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Top London suspect was involved in Madrid bombing

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  • Greg Cannon
    http://www.timesonline.co.uk/article/0,,2087-1688244,00.html July 10, 2005 Terror in London Mastermind of Madrid is key figure Nick Fielding and Gareth Walsh
    Message 1 of 1 , Jul 9, 2005

      July 10, 2005

      Terror in London

      Mastermind of Madrid is key figure
      Nick Fielding and Gareth Walsh


      THE terrorist believed to have organised last year’s
      Madrid train attacks is emerging as a figure in the
      hunt for the London bombers.

      Spanish security sources are said to have warned four
      months ago that Mustafa Setmariam Nasar, a 47-year-old
      Syrian, had identified Britain as a likely target.

      Coded commands from the Syrian, thought to have
      included threats to other European countries including
      Britain, were found in a flat raided after the Madrid
      bombings in March 2004.

      Spanish investigators said Nasar, now believed to be
      in Iraq, had set up a “sleeper” cell of terrorists in
      Britain. But they believed he was planning an attack
      to coincide with the British general election in May,
      rather than the G8 summit last week.

      One Spanish website yesterday claimed the General
      Information Commission, a Spanish police intelligence
      body, issued a report in March warning that Britain
      and Spain were the primary western targets. The
      statement was based on Spanish investigations into the
      Madrid bombings.

      In addition, investigators have noted strong
      similarities in the methods of the two multiple,
      coordinated bombings against public transport systems.

      Last Friday, a team of Spanish detectives arrived in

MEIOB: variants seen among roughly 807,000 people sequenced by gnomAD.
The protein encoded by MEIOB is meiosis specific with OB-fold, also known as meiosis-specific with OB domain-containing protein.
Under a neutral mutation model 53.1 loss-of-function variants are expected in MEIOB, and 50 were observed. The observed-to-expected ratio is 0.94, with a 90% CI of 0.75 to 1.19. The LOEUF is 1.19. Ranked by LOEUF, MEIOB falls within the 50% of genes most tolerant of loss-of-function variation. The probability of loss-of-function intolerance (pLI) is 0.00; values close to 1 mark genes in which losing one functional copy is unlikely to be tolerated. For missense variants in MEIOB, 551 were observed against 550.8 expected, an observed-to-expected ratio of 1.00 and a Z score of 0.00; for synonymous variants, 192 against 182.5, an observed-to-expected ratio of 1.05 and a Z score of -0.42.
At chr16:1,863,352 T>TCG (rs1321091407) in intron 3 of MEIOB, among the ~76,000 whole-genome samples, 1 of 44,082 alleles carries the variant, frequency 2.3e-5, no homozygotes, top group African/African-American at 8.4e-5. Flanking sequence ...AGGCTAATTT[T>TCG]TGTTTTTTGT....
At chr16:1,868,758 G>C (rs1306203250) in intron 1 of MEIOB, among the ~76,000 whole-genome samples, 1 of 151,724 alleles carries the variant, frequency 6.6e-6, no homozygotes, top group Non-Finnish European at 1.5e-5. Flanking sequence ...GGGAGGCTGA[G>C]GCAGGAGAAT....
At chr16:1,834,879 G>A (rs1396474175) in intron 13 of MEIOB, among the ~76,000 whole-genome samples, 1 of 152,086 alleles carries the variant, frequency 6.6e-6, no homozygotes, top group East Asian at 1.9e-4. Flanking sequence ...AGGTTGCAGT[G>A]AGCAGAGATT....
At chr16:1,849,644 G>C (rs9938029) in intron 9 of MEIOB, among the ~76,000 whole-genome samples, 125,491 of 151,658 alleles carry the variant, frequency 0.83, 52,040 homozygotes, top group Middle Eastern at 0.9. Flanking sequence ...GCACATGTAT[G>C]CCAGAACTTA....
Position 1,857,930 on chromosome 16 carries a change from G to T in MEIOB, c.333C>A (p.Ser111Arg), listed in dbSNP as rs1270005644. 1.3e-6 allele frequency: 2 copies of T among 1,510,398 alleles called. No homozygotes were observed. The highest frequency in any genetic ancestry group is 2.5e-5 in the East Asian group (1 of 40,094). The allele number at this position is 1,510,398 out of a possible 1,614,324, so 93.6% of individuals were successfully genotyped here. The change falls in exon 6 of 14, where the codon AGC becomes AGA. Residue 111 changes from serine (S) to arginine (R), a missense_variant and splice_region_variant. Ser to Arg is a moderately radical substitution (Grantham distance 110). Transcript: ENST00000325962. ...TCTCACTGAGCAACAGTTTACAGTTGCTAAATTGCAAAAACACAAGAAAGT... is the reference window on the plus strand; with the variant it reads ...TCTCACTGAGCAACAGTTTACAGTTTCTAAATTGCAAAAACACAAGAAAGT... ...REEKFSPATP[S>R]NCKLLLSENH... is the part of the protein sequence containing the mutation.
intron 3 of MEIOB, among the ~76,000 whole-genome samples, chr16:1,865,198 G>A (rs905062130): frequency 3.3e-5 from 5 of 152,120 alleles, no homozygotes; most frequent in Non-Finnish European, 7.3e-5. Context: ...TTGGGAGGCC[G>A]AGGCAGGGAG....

London to help the Metropolitan police with the

      After last week’s explosions, police were believed to
      be looking into Mohamed el-Gerbouzi, a Moroccan living
      in London who has been jailed in Morocco in his
      absence for terrorism offences. Yesterday, however,
      senior Met officers were strongly discounting that he
      had any involvement in the London bombings.

      Nasar, from Aleppo, Syria, also known as Abu Musab
      al-Asuri, who has a $5m (£2.9m) American bounty on his
      head, is believed to have fled either to Iraq or to
      the Pakistan-Afghanistan border.

      He has connections with London going back more than 10
      years, has mixed with many prominent terror suspects
      and has reportedly been arrested in Britain in
      connection with bombings on the Paris Metro.

      When Nasar moved to London in June 1995 he was already
      under surveillance by Spanish police, who made a video
      recording of his departure with his wife Elena. They
      were accompanied by Abu Dahdah, a Syrian later
      arrested in Spain, accused of recruiting bombers and
      now on trial for providing support to the 9/11

      Once in London, Nasar moved his family into a house in
      Paddock Road, Neasden. From there, he edited the Al
      Ansar magazine, a newsletter of the Algerian Armed
      Islamic Group. He became an associate of the cleric
      Abu Qatada, one of the detainees released from
      Belmarsh prison last year and accused of being
      Al-Qaeda’s ambassador to Europe.